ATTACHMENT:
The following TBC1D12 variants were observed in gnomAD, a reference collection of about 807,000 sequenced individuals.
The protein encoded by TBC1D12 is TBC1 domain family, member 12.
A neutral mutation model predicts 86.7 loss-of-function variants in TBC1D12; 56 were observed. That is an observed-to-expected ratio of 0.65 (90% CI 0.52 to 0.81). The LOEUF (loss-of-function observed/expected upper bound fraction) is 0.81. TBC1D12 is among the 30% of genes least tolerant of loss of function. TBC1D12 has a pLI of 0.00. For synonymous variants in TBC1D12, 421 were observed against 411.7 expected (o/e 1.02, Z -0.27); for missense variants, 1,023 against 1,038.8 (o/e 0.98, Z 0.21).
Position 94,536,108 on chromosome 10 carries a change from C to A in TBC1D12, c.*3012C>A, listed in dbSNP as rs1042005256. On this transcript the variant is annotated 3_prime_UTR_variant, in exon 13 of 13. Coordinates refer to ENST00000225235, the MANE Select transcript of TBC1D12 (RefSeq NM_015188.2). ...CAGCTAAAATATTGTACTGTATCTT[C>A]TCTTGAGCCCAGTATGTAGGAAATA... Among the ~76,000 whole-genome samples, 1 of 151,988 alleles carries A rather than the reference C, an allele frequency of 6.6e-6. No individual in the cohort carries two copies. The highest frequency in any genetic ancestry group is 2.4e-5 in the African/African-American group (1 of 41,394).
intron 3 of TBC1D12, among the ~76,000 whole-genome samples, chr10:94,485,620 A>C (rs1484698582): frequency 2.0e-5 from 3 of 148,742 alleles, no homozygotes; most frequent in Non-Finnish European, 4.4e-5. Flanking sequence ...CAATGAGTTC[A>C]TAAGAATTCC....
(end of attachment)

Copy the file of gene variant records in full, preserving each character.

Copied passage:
The following TBC1D12 variants were observed in gnomAD, a reference collection of about 807,000 sequenced individuals.
The protein encoded by TBC1D12 is TBC1 domain family, member 12.
A neutral mutation model predicts 86.7 loss-of-function variants in TBC1D12; 56 were observed. That is an observed-to-expected ratio of 0.65 (90% CI 0.52 to 0.81). The LOEUF (loss-of-function observed/expected upper bound fraction) is 0.81. TBC1D12 is among the 30% of genes least tolerant of loss of function. TBC1D12 has a pLI of 0.00. For synonymous variants in TBC1D12, 421 were observed against 411.7 expected (o/e 1.02, Z -0.27); for missense variants, 1,023 against 1,038.8 (o/e 0.98, Z 0.21).
Position 94,536,108 on chromosome 10 carries a change from C to A in TBC1D12, c.*3012C>A, listed in dbSNP as rs1042005256. On this transcript the variant is annotated 3_prime_UTR_variant, in exon 13 of 13. Coordinates refer to ENST00000225235, the MANE Select transcript of TBC1D12 (RefSeq NM_015188.2). ...CAGCTAAAATATTGTACTGTATCTT[C>A]TCTTGAGCCCAGTATGTAGGAAATA... Among the ~76,000 whole-genome samples, 1 of 151,988 alleles carries A rather than the reference C, an allele frequency of 6.6e-6. No individual in the cohort carries two copies. The highest frequency in any genetic ancestry group is 2.4e-5 in the African/African-American group (1 of 41,394).
intron 3 of TBC1D12, among the ~76,000 whole-genome samples, chr10:94,485,620 A>C (rs1484698582): frequency 2.0e-5 from 3 of 148,742 alleles, no homozygotes; most frequent in Non-Finnish European, 4.4e-5. Flanking sequence ...CAATGAGTTC[A>C]TAAGAATTCC....